Public education has always been our society's "great equalizer" and anything we do at the state level that hinders our commitment to fully fund our public education system, without excessive or unattainable mandates must be addressed. This includes ensuring local control over curriculum delivery.
As a current Grand Junction City Councilmember, I am involved in discussions with all levels of policy and funding issues that affect our community. I try to get input from all sides of an issue while trying to come to a policy decision that addresses the needs of the most while keeping successful student outcomes at the forefront of the process.
I believe that supporting meaningful, relevant professional development primarily identified by educators themselves to continually hone the skill sets they need in their respective classroom settings is the best way to ensure buy-in and participation in what many educators see as unnecessary demands on their time when required programs do not address their real or immediate needs. Any system needs to have real choice and individualization so that each participant realizes maximum benefit.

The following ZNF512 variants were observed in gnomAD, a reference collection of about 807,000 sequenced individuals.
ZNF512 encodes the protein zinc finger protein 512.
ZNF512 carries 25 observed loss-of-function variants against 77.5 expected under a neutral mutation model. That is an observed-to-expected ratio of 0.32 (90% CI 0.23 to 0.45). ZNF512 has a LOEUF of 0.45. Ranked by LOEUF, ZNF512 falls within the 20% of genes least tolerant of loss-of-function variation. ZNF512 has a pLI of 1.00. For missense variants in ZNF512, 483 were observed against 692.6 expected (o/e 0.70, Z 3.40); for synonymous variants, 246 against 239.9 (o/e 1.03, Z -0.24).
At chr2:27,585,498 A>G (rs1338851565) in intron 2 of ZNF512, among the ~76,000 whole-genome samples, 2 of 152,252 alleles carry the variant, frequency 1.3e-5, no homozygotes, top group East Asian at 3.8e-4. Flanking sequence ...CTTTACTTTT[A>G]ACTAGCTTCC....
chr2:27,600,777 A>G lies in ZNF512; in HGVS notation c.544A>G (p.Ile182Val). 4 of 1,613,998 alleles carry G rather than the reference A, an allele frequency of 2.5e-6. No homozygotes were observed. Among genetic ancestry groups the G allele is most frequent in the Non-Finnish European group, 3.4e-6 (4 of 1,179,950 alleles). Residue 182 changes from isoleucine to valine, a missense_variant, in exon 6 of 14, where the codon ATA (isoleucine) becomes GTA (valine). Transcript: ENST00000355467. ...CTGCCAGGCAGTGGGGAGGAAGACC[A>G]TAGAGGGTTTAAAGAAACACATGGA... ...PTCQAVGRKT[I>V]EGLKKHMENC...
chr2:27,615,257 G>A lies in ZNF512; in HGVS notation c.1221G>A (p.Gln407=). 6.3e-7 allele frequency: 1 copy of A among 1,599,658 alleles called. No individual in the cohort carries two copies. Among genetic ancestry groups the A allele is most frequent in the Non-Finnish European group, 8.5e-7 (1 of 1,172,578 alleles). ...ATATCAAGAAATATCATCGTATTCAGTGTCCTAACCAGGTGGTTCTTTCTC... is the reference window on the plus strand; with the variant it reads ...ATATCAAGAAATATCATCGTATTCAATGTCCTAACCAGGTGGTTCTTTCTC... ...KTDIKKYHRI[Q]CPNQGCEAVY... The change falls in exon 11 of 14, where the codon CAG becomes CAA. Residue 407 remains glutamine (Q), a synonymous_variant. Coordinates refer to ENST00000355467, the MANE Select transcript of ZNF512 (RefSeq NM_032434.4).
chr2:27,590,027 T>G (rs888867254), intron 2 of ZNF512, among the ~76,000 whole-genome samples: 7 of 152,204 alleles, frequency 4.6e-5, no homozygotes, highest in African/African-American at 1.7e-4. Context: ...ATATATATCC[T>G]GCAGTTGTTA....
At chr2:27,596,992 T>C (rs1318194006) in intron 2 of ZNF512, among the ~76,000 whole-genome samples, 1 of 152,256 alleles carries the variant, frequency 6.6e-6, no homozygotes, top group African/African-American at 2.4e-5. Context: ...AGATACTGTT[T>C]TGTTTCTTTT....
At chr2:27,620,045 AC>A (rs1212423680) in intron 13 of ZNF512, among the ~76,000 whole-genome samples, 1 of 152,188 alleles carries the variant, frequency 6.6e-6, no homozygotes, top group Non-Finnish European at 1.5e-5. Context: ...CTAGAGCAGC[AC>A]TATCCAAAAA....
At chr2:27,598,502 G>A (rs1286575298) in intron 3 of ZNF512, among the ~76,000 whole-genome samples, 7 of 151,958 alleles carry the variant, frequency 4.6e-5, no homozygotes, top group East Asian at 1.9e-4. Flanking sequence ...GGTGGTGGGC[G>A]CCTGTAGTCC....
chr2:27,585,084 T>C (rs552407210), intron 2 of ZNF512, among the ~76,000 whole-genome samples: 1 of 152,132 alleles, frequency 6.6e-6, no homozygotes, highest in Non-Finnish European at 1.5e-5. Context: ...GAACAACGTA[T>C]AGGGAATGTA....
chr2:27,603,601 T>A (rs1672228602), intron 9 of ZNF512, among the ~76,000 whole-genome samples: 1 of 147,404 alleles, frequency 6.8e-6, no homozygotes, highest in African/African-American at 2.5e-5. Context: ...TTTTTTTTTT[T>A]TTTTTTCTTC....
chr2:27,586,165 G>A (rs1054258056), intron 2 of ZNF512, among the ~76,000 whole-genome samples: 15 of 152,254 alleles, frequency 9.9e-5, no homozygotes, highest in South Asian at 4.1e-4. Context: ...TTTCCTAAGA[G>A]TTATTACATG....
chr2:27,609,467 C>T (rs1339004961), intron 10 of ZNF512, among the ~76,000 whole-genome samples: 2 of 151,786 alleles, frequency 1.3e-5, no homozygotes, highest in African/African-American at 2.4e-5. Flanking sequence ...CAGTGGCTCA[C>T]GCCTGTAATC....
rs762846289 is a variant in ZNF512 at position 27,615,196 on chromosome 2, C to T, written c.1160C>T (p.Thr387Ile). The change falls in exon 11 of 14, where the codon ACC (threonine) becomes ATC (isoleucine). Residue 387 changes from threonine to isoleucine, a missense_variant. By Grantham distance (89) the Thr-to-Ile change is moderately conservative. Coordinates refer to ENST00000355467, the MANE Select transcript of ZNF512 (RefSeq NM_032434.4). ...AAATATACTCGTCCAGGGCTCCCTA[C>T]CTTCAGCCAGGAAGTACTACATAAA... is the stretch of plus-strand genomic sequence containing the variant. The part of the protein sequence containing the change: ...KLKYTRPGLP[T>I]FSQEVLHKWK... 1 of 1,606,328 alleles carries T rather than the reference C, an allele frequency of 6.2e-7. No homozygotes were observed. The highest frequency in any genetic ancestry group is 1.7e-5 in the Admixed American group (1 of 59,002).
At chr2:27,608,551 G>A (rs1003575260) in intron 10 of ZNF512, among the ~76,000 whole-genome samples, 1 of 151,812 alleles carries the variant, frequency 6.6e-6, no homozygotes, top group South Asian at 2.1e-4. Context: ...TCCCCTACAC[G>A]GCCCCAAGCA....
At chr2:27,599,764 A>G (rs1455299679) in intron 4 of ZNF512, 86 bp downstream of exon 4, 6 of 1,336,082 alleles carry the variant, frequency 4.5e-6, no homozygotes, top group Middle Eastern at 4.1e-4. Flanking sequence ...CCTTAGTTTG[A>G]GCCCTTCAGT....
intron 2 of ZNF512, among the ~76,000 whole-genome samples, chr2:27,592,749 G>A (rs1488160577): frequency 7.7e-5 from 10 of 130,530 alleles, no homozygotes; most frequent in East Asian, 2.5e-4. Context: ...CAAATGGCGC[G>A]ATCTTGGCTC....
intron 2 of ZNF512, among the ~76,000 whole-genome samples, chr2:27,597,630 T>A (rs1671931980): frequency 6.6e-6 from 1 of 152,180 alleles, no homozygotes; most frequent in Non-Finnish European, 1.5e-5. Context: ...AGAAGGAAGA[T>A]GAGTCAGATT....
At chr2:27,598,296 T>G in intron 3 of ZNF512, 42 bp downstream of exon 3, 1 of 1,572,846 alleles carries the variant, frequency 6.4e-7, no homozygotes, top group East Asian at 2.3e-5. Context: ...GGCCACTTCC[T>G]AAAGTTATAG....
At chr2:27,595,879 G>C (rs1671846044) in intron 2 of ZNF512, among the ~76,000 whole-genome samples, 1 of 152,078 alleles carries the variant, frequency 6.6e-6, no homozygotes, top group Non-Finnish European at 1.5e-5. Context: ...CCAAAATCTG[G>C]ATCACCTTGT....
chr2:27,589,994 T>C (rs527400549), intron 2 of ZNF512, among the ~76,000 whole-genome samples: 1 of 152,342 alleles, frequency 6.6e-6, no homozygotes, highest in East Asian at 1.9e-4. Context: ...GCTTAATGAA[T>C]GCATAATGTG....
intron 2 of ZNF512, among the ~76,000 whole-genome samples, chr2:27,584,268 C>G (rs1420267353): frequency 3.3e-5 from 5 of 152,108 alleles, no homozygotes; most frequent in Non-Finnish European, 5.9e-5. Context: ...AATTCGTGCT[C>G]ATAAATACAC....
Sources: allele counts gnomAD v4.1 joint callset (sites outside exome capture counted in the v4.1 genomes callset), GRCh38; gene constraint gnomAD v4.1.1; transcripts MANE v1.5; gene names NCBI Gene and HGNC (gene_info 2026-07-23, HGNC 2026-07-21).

The teacher shortage in Colorado, especially in rural areas, has reached crisis levels. There are an estimated 3,000 teacher openings in Colorado. With the drastic increase in the cost-of-living in Colorado, a nearly 25% decline in graduates from teacher preparation programs, and a rapidly aging teacher population, this issue appears to be both a short-term and long-term problem for Colorado.
Addressing this issue will take time and hard work. The short list includes addressing pay inequality, finally fixing the negative factor, and ensuring that mandates surrounding teacher evaluations are not unreasonable as is currently the case. I would like to explore capital incentive programs that would attract teachers to rural schools, and grant monies that would supplement cost of living (rent, etc) for metro areas that are currently unaffordable for most educators.
The state’s public education system requires increased funding at all levels, preschool through higher education. I will actively work for an adequate and equitable school finance system, including modifications to TABOR and the identification of new funding sources. We are the only state in the country that does not allow our legislature to control revenues for education. The first and most important issue to address concerns TABOR and specifically the Gallagher amendment. I will work to ensure this issue is addressed first, so that a predictable and reliable funding stream can be identified and counted on for future planning.